Permafrost thaw will also affect biological dynamics in a wide range of processes; some of which are still poorly understood. As soils become available for microbial degradation, methane and pollutants such as mercury are being transported across boundaries. In addition to greenhouse gas emissions due to an accelerated microbial turnover, permafrost thaw will also facilitate the release of pathogenic DNA viruses stored frozen in ice. In the tundra of the Yamal peninsula, close to the world's largest reserve of natural gas, enormous wounds have emerged in the vast permafrost landscape over the last decade. Unexpected geochemical processes culminate in extremely high underground gas pressure over the course of a few years. After which, one day, suddenly and violently, craters explode into being. Deep deposits of methane and carbon dioxide find their way up into the atmosphere, often together with flames and smoke. Over a year or two, they fill with water.

gameplay still — player falling through thawing permafrost layers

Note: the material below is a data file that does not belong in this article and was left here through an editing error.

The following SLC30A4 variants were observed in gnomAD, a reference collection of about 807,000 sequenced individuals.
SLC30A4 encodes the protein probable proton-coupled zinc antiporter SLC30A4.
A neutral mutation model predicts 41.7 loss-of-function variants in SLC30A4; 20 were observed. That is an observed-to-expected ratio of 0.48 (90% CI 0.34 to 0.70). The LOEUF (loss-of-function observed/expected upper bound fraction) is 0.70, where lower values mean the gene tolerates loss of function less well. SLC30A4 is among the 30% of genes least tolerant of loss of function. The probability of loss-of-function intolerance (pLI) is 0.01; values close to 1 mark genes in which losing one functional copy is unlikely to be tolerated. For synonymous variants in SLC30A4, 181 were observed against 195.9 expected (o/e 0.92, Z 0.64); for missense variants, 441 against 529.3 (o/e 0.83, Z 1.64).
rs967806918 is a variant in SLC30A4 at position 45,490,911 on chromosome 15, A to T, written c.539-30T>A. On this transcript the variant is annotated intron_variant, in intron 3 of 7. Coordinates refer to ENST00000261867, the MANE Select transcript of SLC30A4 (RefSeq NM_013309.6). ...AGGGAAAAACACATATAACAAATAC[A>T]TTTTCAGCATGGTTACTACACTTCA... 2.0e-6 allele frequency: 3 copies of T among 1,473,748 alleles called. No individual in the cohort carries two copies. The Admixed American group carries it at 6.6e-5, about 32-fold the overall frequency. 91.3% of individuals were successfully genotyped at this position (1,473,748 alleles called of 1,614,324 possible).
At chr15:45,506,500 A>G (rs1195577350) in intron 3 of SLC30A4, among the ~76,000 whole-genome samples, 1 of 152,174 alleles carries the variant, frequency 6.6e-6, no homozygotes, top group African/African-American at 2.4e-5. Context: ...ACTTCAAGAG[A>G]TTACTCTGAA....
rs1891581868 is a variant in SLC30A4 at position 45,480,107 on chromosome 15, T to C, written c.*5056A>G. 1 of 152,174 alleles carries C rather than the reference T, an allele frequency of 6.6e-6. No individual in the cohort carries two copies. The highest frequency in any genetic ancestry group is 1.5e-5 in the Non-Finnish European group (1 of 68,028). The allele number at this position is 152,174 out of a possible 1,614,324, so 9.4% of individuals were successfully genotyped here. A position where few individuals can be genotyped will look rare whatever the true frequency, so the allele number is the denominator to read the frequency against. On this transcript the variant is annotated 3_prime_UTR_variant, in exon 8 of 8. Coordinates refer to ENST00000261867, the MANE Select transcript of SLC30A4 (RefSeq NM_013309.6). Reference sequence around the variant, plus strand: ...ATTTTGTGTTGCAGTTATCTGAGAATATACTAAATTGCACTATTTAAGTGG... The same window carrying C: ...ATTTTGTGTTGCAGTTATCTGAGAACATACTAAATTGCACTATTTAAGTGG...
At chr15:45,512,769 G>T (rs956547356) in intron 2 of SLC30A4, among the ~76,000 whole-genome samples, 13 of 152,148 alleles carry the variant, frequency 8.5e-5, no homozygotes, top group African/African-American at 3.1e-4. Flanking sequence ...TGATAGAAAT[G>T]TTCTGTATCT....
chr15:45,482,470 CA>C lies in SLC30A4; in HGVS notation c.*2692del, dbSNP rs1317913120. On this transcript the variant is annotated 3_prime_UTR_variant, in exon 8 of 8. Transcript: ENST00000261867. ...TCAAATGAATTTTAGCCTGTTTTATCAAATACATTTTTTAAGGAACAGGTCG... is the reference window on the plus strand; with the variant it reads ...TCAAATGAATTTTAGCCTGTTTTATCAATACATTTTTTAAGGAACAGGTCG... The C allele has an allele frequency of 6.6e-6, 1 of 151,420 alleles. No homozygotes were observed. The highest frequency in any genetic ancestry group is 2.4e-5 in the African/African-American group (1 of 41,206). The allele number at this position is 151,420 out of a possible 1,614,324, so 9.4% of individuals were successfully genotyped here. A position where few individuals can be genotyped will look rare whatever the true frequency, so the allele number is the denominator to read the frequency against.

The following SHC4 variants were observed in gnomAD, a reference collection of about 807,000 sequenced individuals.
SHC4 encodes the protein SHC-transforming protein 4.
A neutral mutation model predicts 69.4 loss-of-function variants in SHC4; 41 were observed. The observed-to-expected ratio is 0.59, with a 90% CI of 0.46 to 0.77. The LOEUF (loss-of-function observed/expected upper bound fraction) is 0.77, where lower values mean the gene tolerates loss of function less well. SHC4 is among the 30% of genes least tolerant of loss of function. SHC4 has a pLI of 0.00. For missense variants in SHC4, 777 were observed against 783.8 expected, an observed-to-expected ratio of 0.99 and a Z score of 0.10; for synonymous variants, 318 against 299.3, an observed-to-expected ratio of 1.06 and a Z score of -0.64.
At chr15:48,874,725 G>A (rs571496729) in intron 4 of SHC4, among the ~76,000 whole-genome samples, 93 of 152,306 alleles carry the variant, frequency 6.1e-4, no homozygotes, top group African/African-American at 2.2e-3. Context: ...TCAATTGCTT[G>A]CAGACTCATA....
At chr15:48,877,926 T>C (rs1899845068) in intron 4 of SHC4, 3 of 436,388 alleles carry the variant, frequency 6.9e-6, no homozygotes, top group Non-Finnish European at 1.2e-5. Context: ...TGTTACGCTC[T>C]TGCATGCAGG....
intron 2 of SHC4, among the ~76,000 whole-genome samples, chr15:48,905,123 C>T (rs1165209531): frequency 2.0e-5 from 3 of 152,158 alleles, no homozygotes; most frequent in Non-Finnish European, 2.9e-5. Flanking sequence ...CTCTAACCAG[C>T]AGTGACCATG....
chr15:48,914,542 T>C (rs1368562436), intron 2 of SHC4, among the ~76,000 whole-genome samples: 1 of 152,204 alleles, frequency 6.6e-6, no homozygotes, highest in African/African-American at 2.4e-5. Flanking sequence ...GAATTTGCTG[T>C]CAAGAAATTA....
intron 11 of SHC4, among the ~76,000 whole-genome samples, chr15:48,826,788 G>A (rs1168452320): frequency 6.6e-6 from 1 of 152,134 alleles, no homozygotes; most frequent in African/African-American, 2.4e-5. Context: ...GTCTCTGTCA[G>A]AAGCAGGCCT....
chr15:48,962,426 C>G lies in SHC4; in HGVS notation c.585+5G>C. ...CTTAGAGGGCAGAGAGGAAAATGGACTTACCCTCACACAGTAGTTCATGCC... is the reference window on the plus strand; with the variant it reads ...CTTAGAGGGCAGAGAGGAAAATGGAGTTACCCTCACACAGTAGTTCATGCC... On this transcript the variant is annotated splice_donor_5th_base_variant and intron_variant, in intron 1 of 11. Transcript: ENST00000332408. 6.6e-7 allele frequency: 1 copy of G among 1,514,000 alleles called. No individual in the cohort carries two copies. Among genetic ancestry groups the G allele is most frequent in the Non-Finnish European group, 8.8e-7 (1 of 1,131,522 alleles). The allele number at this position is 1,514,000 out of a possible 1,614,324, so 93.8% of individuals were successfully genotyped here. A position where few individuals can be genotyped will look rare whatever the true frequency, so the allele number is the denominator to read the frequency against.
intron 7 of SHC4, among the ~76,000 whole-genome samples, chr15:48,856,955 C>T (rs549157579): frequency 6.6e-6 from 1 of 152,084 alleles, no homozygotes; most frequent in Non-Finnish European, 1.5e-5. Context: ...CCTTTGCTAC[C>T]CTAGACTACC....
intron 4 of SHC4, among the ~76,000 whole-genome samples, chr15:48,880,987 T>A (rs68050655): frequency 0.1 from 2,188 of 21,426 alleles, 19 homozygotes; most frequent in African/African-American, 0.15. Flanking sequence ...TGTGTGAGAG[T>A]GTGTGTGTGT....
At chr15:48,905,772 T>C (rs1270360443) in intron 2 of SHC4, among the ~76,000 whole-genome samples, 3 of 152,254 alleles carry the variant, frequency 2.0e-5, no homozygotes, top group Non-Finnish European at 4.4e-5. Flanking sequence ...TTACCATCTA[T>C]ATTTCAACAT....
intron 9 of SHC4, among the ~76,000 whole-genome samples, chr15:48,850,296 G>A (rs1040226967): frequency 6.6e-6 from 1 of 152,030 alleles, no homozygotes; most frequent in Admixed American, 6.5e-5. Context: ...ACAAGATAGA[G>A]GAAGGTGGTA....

gameplay still — pressure meter indicates the growing pressure over the duration of the permafrost time segment due to methanogenic activity and depth increase
gameplay still — underground pressure rising as organic matter decomposes following the melting of permafrost
gameplay still — an arrow guides the player to the source of rising pressure and temperature
cinematic still — anthrax frozen in cryosleep
cinematic still — methanogenic bacteria division occurs after 24 hours

This underground world is home to frozen microbes, both fungi and bacteria and viruses. A process, a condition, and space tied to planetary exchanges of energy and matter, as conceived of by Russian systems thinkers, but not quite permanent frost or permafrost - for freezing is not permanent under the present conditions on the earth, known to us. The permafrost has been cored - its interiors have been sampled, ancient histories revealed but much of its contents remain a mystery. What lies buried deep within it is not only a past - flash-frozen in fragments of bone and lichen, mammoth ivory and cryogenically preserved bodies - but also a future. It is a silo of sorts, a granary of diamonds and ore and oil and bone, a bank of wonder and life.